Gort served in various positions for the duration of the war. On the day of his return, 1 June 1940, he was made an ADC General to King George VI. On 25 June 1940 he went by flying boat, with Duff Cooper, to Rabat, Morocco, to rally anti-Nazi French cabinet ministers, but was instead held on his flying boat. He quickly returned to Britain.
Gort was given the post of Inspector of Training and the Home Guard, and with nothing constructive to do visited Iceland, Orkney and Shetland. He went on to serve as Governor of Gibraltar (1941–42). In 1943 he succeeded Lord Galway as Colonel Commandant of the Honourable Artillery Company, a position he held until his death.
As Governor of Malta (1942–44) Gort's courage and leadership during the siege was recognised by the Maltese giving him the Sword of Honour. He pushed ahead with extending the airfield into land reclaimed from the sea, against the advice of the British government, but was later thanked by the War Cabinet for his foresight when the airfield proved vital to the British Mediterranean campaign. The King gave Gort his field marshal's baton on 20 June 1943 at Malta. On 29 September, Gort, together with Generals Eisenhower and Alexander, witnessed Marshal Badoglio signing the Italian surrender in Valletta harbour.
Gort was present when his son-in-law, Major William Sidney, received the Victoria Cross from General Sir Harold Alexander, Commander-in-Chief (C-in-C) of the Allied Armies in Italy (AAI), on 3 March 1944 in Italy.
Gort ended the war as High Commissioner for Palestine and Transjordan. He served at this office only one year. In 1945 he nominated William James Fitzgerald, Chief Justice of Palestine, to enquire into the Jewish-Arab conflict in Jerusalem. Chief Justice Fitzgerald issued his report in which he proposed to divide the city into separate Jewish and Arab Quarters. Despite growing tensions in Palestine, Gort strove to cultivate good personal relations with both Jews and Arabs, and was greatly admired and respected by the Jewish and Arab communities.
During his time in Palestine, Gort's health deteriorated, and he was suffering from great pain and discomfort in his abdomen. He was in fact suffering from liver cancer, but the doctors he consulted in London were unable to properly diagnose his condition. Gort ruled Palestine at the time that the Jewish insurgency was beginning. Despite his efforts, he was unable to stem the growing confrontation between the Yishuv (Jewish community) and British authorities. On 5 November 1945, he stepped down as High Commissioner and returned to Britain. Commenting on his departure, The Palestine Post wrote that "No High Commissioner in the twenty-five years of British rule in Palestine enjoyed greater popular trust and none repaid it with greater personal kindness."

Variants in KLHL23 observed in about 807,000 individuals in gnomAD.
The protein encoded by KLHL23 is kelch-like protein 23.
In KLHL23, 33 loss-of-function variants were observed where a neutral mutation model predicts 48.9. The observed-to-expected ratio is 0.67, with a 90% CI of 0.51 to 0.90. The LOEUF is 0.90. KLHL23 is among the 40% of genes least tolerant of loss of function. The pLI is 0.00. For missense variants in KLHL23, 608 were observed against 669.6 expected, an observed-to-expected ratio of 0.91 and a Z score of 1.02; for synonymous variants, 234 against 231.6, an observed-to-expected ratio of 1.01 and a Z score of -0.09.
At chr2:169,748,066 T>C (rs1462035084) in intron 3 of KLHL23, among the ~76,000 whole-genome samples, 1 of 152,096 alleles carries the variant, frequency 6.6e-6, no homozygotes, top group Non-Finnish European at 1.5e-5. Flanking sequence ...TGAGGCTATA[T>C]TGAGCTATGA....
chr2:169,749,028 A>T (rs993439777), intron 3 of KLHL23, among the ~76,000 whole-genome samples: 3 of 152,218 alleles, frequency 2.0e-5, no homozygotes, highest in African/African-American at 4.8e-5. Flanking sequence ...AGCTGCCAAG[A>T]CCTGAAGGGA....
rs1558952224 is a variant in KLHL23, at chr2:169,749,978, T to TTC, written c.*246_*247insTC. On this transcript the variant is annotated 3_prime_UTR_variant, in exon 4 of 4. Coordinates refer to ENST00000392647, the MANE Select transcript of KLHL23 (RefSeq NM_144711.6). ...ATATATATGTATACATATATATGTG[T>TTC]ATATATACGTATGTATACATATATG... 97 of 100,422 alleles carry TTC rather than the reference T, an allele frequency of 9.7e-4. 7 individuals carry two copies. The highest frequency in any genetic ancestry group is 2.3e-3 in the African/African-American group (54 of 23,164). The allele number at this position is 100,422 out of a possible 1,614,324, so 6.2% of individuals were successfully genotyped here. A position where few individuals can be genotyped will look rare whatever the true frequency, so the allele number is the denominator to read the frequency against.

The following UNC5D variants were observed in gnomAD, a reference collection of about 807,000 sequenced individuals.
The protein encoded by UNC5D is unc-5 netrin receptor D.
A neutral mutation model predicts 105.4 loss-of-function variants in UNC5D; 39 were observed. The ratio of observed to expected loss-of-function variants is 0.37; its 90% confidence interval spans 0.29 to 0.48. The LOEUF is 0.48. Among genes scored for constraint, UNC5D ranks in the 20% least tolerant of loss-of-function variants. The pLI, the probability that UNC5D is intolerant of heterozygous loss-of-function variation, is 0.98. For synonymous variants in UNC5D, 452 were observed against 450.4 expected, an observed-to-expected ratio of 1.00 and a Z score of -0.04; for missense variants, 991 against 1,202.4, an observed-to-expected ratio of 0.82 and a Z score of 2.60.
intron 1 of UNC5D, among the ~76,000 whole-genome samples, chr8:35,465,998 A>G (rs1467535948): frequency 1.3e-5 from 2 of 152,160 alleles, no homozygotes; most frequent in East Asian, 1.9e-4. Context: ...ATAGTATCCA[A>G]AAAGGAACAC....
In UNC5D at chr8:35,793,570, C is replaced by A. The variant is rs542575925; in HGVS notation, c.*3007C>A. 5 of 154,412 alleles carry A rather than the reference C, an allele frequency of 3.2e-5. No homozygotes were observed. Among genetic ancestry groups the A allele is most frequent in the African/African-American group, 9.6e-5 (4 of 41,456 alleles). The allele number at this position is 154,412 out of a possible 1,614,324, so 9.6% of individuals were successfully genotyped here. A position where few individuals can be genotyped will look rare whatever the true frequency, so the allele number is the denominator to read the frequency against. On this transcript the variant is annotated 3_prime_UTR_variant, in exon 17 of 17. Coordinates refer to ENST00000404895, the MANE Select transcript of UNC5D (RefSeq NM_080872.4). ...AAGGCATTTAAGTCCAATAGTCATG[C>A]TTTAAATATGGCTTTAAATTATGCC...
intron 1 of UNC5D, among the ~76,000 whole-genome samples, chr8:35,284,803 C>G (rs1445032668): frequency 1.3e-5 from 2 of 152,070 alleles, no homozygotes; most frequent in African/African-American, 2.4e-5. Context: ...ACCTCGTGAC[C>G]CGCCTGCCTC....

Post-war period and death
In February 1946, he was created a Viscount in the Peerage of the United Kingdom under the same title as his existing Viscountcy in the Peerage of Ireland. On 31 March 1946, Gort died in Guy's Hospital at age 59. As he did not have a surviving son, the Irish Viscountcy of Gort passed to his brother, and the British creation became extinct. Gort is buried in the Sidney family vault at St John the Baptist, Penshurst.
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|Wikimedia Commons has media related to John Vereker, 6th Viscount Gort.|
- Hansard 1803–2005: contributions in Parliament by the Viscount Gort
- Location of grave and VC medal (Kent)
- Memorial to Lord Gort in the Sidney Chapel at St John the Baptist, Penshurst
|Commandant of the Staff College, Camberley
Sir Charles Deedes
September – December 1937
Sir Douglas Brownrigg
Sir Cyril Deverell
|Chief of the Imperial General Staff
Sir Edmund Ironside
Sir Clive Liddell
|Governor of Gibraltar
Sir Noel Mason-Macfarlane
Sir William Dobbie
|Governor of Malta
Sir Edmond Schreiber
Sir Harold MacMichael
|High Commissioner for Palestine
High Commissioner for Trans-Jordan
Sir Alan G. Cunningham
|Peerage of the United Kingdom|
|New creation||Viscount Gort
|Peerage of Ireland|